Self Quiz: Am I in an Abusive Relationship?
Below are some questions and checklists to help you determine if you are in an abusive relationship. Answer the questions honestly. If you answer "yes" to any of the following questions, you may be a victim of abuse.
In addition to those questions, consider the following two checklists. The first list includes signs of emotional abuse. You are probably the victim of emotional abuse if your partner:
- Do you feel anxious or nervous when you are around your partner?
- Do you watch what you are doing in order to avoid making your partner angry or upset?
- Do you feel obligated or coerced into having sex with your partner?
- Are you afraid of voicing a different opinion than your partner?
- Does your partner criticize you or embarrass you in front of others?
- Does your partner always check up on what you have been doing, and not believe your answers?
- Is your partner very jealous and does he accuse you of having affairs?
- Does your partner tell you that he will stop beating you when you start behaving yourself?
- Have you stopped seeing your friends or family because of your partner's behavior?
- Does your partner's behavior make you feel as if you are wrong?
- Does your partner threaten to harm you?
- Do you try to please your partner rather than yourself in order to avoid being hurt?
- Does your partner keep you from going out or doing things that you want to do?
- Do you always feel that nothing you do is ever good enough for your partner?
- Does your partner say that if you try to leave him, you will never see your children again?
- Does your partner say that if you try to leave, he will kill himself or you?
- Is there always an excuse for your partner's behavior? ("The alcohol or drugs made me do it? My job is too stressful? If dinner was on time I wouldn't have hit you! I was just joking!")
- Do you lie to your family, friends and doctor about your bruises, cuts and scratches?
The next list includes signs of physical abuse. You are a victim of physical abuse if your partner:
- Repeatedly gives you destructive criticism, verbal threats and browbeating.
- Always claims to be right.
- Excludes you from making decisions and claims to be the head of the household.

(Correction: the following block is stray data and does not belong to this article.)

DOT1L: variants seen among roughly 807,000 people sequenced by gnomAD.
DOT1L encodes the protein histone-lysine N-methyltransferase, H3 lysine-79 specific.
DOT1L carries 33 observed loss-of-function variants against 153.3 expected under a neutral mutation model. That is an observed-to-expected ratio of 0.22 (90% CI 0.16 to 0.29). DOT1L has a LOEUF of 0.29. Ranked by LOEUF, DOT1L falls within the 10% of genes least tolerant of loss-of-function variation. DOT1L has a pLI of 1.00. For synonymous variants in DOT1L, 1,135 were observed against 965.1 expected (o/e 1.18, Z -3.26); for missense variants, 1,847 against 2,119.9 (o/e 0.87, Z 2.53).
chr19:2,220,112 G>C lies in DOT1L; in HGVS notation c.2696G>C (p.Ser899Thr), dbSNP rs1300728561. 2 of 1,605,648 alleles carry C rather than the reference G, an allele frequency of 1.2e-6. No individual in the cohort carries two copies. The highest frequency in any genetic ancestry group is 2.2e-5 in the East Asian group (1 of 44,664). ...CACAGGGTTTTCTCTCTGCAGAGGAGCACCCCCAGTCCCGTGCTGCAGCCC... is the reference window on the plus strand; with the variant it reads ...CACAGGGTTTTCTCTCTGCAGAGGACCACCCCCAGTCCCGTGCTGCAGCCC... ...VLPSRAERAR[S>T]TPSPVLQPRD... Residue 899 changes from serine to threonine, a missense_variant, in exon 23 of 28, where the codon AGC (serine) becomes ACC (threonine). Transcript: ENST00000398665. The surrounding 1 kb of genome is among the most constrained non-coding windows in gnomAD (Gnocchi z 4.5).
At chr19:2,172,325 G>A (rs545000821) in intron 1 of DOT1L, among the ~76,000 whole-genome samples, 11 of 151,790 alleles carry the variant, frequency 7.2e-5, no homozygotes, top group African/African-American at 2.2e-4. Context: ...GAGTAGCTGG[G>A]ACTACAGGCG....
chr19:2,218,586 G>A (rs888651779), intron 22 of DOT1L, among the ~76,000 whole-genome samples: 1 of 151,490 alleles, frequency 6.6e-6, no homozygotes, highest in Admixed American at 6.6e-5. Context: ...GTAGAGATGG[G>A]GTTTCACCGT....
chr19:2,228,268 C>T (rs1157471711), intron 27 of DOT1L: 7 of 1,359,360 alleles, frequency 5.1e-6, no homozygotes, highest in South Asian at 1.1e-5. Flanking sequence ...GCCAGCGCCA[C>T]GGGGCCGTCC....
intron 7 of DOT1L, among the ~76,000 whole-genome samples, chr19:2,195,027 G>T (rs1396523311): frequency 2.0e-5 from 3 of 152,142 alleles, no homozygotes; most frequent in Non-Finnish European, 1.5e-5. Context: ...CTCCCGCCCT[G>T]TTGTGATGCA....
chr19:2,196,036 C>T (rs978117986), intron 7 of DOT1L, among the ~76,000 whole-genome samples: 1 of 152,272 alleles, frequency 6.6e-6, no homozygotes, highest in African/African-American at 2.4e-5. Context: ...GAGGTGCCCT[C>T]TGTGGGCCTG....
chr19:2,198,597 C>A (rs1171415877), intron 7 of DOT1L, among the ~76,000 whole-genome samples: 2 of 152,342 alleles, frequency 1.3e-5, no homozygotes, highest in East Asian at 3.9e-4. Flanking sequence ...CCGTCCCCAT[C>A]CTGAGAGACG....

- Abuses your trust by lying, hiding important information and papers, cheating or being inappropriately jealous.
- Minimizes or denies abusive behavior.
- Constantly shows disrespect, puts you down or embarrasses you in front of others.
- Harasses you by following you or checking up on you.
- Prevents you from seeing your relatives or friends or insists on going everywhere with you.
- Monitors your phone calls.
If you answered "yes" to one or more of these questions, or experience these forms of emotional and physical abuse in your relationship, you should seek help. Abuse is not acceptable behavior and is not something you should just learn to live with.
- Intimidates you through angry or threatening gestures.
- Destroys your belongings or household items.
- Coerces you to have sex or perform sexual acts against your will.
- Kicks, bites, stabs, pushes, burns or chokes you.
- Uses weapons to threaten or harm you or others you love.
Don't be a victim that keeps this a silent disease. Seek help from relatives, friends, law enforcement or community resources. With their help, you may be able to stop the abuse or, if necessary, leave the relationship. Realize that once the abuse has started, it will nearly always get worse.Last reviewed: By John M. Grohol, Psy.D. on 9 Oct 2013
Published on PsychCentral.com. All rights reserved.
Do not be too moral. You may cheat yourself out of much life. Aim above morality. Be not simply good; be good for something.
-- Henry David Thorea